Candy upstages cricket
To be successful as an international sportsman, a certain degree of arrested development is undoubtedly a useful character trait. After all, any profession that requires you to "play" for a living is best left to those who still giggle at fart jokes and delight in the delinquency of dressing-room humour. But at Trent Bridge this week, England's cricketers were left looking rather childish, after an incident involving jelly beans that has become the talk of the tabloids.
"It's not the reason we've lost a game of cricket, because of some jelly beans," said England's captain, Michael Vaughan, but his protestations were falling on deaf ears. Not since Dean Jones demanded that Curtly Ambrose remove his wristbands during a one-day international in 1992-93 has something so innocuous roused such a vehement response. Fuelled by a sense of righteous indignation, Zaheer Khan swung the second new ball both ways at will to cut England's batting to ribbons, and set his side up for a famous win.
There was more to the story of course. England lost a crucial toss and were ambushed on a damp first-innings track, and to compound that misfortune, India's batsmen responded with the sort of unilateral determination of which few of their followers believed they were capable. And then, when Vaughan himself was threatening to charm the initiative back to his team, he was bowled freakishly off his thigh pad - a moment of misfortune that India's fans might argue was karma, given the controversial dismissals of both Sachin Tendulkar and Sourav Ganguly.
All in all, it added up to a classic no-holds-barred Test match - a contest from first day to last, and one that bloomed like a lotus flower on that magnificent fourth afternoon. And yet, all that mattered in the aftermath was the saga of the sugar-coated candy, which perhaps says more about the attention span of the average news consumer than the cricketers who've been vilified for their actions.
On an American news channel recently, the anchorwoman Mika Brzezinski first refused to read, then burned and finally shredded the day's lead story - Paris Hilton's release from jail, which had been given precedence over a major political development. India's fifth victory in 75 years of Test cricket in England has similarly been shunted down the pecking order.
"It's all been blown out of proportion," said Vaughan. "I know it's a great story, but the guys eat jelly beans, jelly babies and chewing gum for energy out in the middle. A few were brought on at the drinks break, and one or two might have been left on the floor as a prank for the new batsman. If we offended Zaheer in any way, we apologise, but there were no jelly beans thrown from the slip cordon, they were just left there. Again it's not the reason we've lost a game of cricket."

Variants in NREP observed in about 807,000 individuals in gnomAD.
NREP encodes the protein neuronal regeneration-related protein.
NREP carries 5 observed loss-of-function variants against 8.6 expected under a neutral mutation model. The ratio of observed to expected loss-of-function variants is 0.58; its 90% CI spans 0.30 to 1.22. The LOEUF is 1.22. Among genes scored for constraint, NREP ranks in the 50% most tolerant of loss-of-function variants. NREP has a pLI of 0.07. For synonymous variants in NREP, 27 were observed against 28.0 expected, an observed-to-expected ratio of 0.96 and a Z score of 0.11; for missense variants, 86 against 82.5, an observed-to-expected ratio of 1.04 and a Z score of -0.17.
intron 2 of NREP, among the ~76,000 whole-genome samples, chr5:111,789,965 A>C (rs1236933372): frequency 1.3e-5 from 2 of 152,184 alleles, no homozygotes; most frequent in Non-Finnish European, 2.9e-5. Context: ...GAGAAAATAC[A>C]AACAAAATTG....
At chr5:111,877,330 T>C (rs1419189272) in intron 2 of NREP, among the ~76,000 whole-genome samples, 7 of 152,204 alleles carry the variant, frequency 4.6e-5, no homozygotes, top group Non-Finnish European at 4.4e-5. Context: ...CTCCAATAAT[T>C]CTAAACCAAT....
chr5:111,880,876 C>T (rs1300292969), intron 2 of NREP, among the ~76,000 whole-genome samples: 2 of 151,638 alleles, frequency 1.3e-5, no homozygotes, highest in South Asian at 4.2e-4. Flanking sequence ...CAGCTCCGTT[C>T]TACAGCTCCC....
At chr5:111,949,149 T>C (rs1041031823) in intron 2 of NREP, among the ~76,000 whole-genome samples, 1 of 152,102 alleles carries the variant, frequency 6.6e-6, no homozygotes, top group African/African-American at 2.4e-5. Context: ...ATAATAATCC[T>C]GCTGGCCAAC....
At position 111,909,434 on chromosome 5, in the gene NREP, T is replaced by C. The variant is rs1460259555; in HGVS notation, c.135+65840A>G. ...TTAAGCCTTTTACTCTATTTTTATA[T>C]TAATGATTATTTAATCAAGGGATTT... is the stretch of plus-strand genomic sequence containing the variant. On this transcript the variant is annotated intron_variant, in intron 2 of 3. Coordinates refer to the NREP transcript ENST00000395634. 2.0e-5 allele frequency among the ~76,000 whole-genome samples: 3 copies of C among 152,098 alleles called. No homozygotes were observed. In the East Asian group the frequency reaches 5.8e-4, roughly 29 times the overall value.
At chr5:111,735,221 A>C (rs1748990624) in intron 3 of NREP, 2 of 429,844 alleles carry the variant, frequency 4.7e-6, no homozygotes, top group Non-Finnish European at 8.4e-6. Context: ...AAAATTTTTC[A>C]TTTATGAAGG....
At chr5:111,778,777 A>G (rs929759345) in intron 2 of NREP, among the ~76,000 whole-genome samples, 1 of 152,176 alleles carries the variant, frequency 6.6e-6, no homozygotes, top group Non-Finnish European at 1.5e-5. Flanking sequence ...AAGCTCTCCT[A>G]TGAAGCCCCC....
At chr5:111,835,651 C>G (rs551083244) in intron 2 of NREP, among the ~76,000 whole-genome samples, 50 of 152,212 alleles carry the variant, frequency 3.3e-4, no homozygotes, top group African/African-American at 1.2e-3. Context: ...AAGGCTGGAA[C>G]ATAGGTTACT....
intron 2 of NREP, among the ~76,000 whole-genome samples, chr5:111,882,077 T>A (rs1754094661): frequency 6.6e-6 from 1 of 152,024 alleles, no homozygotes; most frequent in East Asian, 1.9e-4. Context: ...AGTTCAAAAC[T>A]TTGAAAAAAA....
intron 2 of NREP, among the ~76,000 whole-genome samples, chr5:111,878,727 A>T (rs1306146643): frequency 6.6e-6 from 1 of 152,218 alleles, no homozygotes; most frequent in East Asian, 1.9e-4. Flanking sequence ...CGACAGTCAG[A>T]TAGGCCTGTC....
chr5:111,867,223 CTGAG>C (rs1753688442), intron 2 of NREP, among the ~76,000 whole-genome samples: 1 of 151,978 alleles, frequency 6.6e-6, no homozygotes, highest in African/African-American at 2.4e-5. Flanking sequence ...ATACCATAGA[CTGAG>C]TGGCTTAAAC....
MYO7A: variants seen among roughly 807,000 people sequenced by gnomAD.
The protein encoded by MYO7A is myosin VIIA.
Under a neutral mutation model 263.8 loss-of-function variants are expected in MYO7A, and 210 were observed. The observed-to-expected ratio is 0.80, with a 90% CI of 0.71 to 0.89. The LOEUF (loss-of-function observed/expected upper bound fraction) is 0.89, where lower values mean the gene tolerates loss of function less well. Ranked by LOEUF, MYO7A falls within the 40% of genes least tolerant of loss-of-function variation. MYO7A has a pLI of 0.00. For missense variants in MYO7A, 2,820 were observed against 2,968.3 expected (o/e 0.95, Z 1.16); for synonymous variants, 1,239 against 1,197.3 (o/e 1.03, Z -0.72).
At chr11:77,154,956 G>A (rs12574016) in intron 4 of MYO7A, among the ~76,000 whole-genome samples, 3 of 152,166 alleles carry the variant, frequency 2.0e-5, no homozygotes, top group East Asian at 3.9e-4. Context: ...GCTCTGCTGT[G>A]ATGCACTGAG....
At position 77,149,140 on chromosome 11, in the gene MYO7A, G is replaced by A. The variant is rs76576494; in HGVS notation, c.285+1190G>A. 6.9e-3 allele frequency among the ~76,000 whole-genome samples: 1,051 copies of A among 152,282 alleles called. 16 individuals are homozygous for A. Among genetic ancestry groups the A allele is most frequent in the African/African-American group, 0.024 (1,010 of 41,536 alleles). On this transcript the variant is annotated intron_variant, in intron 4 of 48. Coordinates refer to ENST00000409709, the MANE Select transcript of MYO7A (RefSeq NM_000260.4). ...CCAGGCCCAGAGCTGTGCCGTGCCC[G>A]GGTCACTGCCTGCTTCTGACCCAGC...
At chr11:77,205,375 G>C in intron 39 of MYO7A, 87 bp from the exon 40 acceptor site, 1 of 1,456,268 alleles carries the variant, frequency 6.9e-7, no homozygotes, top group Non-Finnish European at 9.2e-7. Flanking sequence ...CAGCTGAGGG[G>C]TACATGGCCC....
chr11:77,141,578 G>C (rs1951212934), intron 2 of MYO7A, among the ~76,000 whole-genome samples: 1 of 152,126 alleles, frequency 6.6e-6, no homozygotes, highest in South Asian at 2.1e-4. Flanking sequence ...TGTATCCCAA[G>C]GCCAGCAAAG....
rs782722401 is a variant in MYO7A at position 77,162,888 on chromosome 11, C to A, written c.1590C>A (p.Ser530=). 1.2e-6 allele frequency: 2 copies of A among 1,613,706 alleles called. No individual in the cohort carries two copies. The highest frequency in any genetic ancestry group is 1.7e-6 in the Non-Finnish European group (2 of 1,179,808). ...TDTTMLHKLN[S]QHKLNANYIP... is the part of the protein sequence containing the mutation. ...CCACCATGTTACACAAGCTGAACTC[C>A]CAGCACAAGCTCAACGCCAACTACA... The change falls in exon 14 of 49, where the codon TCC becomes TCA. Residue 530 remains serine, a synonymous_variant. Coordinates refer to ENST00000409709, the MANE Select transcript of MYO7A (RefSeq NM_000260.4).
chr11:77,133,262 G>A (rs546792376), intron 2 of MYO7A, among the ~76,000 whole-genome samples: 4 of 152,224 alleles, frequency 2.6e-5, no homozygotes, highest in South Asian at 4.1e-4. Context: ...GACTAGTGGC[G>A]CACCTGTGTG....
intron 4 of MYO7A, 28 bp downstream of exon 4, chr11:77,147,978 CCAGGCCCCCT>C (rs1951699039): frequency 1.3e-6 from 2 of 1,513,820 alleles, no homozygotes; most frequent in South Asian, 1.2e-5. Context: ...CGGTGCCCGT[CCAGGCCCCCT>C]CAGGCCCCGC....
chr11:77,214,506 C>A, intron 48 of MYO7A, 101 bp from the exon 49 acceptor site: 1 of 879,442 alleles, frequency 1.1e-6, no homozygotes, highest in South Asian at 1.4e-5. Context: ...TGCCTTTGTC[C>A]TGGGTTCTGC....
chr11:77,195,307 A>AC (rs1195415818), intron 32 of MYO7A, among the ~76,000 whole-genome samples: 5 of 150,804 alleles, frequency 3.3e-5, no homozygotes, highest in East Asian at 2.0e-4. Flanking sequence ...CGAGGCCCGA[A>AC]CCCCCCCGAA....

Vaughan looked rather embarrassed at the barrage of questions, and even refused to answer one query as to the exact significance of the "prank". Either way, the saga rather undermined England's tough-nut image that Matt Prior had attempted to portray on Sunday evening.
"It's important to have 11 people hunting together on the pitch," he said, "creating an intensity and an environment that's uncomfortable for people to bat in." Somehow, peppering the opposition with boiled sweets doesn't give off the same aura that you'd find in an Australian slip cordon.
Images of Zaheer brandishing his bat in the direction of Kevin Pietersen were flashed around the world over the weekend, but in the manner of his bowling, as well as his emphatically humourless reaction afterwards, Zaheer emerged with every ounce of the dignity that he had laid on the line during the incident. "I just felt it was insulting," he said. "I'm here to play cricket."
His captain, Rahul Dravid, was delighted with the net result, and tweaked England's embarrassment ever further. "If he's going to perform like this, can we please get him upset after every game!" he said. "I've never seen him as fired up. He came into the dressing-room really keyed up, so please, if you're going to upset our boys, and they're going to perform like this, I'll be more than happy."
And yet, if England's childishness (or "mental disintegration" as Vaughan would dearly love to be able to call it) was seen to backfire on one of India's players, then it arguably scored a direct hit on another. Sreesanth, the breakdancing bundle of energy from Kerala, had a shocking Test match. Teased for his apparent resemblance to Harry Potter while batting, he bowled like one of Voldemort's stooges - ineffective, erratic and at times downright ugly. He sent Pietersen, the object of India's ire, crashing to the turf with a whistling beamer, and then aimed a vicious bouncer at Collingwood after overstepping by almost a metre.
"I hope to God that wasn't meant to be," said Vaughan. "He's young and a really good talent, but I don't see how you can be bowling a two-foot-over-the-line no-ball. It's a tactic that could be used in most games, and it's something we don't want to see." Dravid, for his part, said that Sreesanth would be taken to one side and that the matter would be dealt with internally.
"Sree is a talented bowler, but he's young and very excitable. He's going to learn along the way, and it's part of our responsibility to see that he learns."
Sreesanth may have emerged from a fiery match with a 50% fine, but India emerged with a precious 1-0 lead, and when all the jellybeans have been done and digested, that tasty fact will remain. "We lost this match because we didn't get enough runs in tricky conditions," said Vaughan, in a vain attempt to keep the cricket at the centre of the attention. Had England taken that attitude a few days' earlier, they still might not have averted defeat, but they'd have done away with the embarrassment.
Andrew Miller is UK editor of Cricinfo